For each incident year, the annual denominators included all civilian residents of the SEARCH sites in the same age ranges on December 31 of that year (3,4). Incidence rates and 95% confidence intervals (CIs) are presented as 2-year moving averages and expressed per 100,000 person-years (5). A change point [or joinpoint] was placed at the year 2011 based on an information criteria measure (6). Comparisons were made between the periods 2002–2010 and 2011–2015 to determine whether the annual percentage change (APC) was constant over the 2002–2015 period. Consistency of the incidence trends over time by age, sex, and race/ethnicity was evaluated by testing for interaction between each of these variables separately with the change point at year 2011 using segmented regression. Rates adjusted for age, sex, and race/ethnicity and estimation of the change in the annual incidence trends during 2002–2015 are reported. A statistically significant change in incidence trends is indicated when the 95% CI excluded zero. Incidence trends were modeled separately for type 1 and type 2 diabetes assuming a negative binomial distribution with a logarithmic link and using a generalized autoregressive moving average to account for serial correlation and presented by race/ethnicity (7). Completeness of case ascertainment for the four geographically based centers was assessed using capture/recapture, where the number of times an individual case was found, either in hospital or other clinical setting, was used to estimate the number of missed cases (8). SAS (version 9.4; SAS Institute) and R (version 3.5.2; The R Foundation) statistical software were used for analyses.
During 2002–2015, among 69,457,475 youths at risk for diabetes, SEARCH identified 14,638 youths with type 1 diabetes and 3,916 with type 2 diabetes. Based on the capture/recapture analysis, few cases were missed, with 98%–99% completeness of ascertainment of cases of type 1 and 92%–97% for type 2 diabetes.
Incidence of type 1 diabetes increased during 2002–2015 in all demographic groups except those who received a diagnosis at age <5 years and American Indians (Figure) (Table 1). Incidence of type 1 diabetes differed by age at diagnosis, sex, and race/ethnicity, with higher rates observed among persons aged 10–14 years, males, and whites. The overall APC adjusted for age, sex, and race/ethnicity in type 1 diabetes incidence was 1.9% per year over the entire period (2002–2015). The APC remained constant for children and adolescents aged 5–19 years, in males, and in females. Steeper increases in age-adjusted and sex adjusted incidence of type 1 diabetes were seen among blacks (2.7% per year), Hispanics (4.0% per year) and Asians and Pacific Islanders (4.4% per year) than among whites (0.7% per year). Incidence among Asians and Pacific Islanders did not change significantly during 2002–2010, then steeply increased during 2011–2015 (8.5% per year).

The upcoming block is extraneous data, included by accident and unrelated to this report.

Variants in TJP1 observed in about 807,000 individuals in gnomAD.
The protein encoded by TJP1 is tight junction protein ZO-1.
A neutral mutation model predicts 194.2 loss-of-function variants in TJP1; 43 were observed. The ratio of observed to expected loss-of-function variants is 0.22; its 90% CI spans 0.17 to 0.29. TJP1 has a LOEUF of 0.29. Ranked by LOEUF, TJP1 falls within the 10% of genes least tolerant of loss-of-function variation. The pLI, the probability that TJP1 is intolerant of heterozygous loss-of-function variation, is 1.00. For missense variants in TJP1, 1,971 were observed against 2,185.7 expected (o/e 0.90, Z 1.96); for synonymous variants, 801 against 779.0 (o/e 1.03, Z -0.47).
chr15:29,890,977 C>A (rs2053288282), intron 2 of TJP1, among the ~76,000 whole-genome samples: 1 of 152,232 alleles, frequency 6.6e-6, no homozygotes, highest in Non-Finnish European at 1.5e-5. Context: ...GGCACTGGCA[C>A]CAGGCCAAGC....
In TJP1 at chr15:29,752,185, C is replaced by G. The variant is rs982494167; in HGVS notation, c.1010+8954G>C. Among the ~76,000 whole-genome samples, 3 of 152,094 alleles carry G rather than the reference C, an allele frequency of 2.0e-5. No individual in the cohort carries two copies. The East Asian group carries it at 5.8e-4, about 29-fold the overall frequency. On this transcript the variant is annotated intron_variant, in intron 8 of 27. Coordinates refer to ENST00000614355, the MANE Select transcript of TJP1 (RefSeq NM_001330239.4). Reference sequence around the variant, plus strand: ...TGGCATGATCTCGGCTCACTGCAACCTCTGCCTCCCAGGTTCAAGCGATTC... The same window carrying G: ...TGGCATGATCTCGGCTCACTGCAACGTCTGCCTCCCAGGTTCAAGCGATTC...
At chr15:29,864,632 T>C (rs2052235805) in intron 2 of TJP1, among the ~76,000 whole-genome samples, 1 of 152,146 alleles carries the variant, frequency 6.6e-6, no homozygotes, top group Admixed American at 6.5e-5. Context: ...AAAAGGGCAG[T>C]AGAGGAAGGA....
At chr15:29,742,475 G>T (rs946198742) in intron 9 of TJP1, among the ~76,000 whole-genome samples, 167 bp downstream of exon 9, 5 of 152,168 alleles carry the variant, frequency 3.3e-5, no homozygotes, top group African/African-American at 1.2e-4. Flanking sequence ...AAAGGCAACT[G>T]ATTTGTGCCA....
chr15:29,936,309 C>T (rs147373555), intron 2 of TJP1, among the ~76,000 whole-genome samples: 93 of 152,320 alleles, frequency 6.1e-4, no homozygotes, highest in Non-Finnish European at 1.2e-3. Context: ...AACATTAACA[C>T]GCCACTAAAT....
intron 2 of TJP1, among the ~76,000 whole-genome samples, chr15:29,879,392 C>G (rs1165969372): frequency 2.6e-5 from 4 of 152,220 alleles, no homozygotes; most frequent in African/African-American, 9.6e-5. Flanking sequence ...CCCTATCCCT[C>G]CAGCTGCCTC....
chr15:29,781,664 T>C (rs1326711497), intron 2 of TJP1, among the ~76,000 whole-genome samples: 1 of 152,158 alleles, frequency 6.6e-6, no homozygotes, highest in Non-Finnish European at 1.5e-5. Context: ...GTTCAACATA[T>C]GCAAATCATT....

During 2002–2015, the incidence of type 2 diabetes increased among youths aged 10–19 years in all age, sex, and race/ethnicity groups except whites (Figure) (Table 2). During 2014–2015, type 2 diabetes incidence differed by race/ethnicity, with lowest rates observed among whites (0.77) and higher rates among American Indians (3.69), blacks (5.97), and Hispanics (6.45). In the analyses adjusted for age, sex, race/ethnicity, type 2 diabetes incidence increased at a constant rate from the period 2002–2010 to 2011–2015, with an overall APC of 4.8% per year. The steepest APC increase was among Asians and Pacific Islanders (7.7% per year) followed by Hispanics (6.5% per year), blacks (6.0% per year), and American Indians (3.7% per year).
From 2002 to 2015, the annual incidence of both type 1 and type 2 diabetes increased at constant rates among persons aged <20 years in selected counties and Indian reservations in the United States. Rates of increase in incidence were higher for type 2 diabetes (4.8% per year) than for type 1 (1.9%). Since 2012, the rate of increase in type 2 diabetes has not changed, and has also remained constant for type 1 diabetes, except among Asians and Pacific Islanders. These findings provide indicators of the number of new cases of type 1 and type 2 diabetes among U.S. youths and identify groups with increased incidences of both type 1 and type 2 diabetes. Diabetes is a chronic disease that requires lifelong treatment and management. Better understanding of the number of new cases of diabetes among youths helps in planning for health care needs and resources.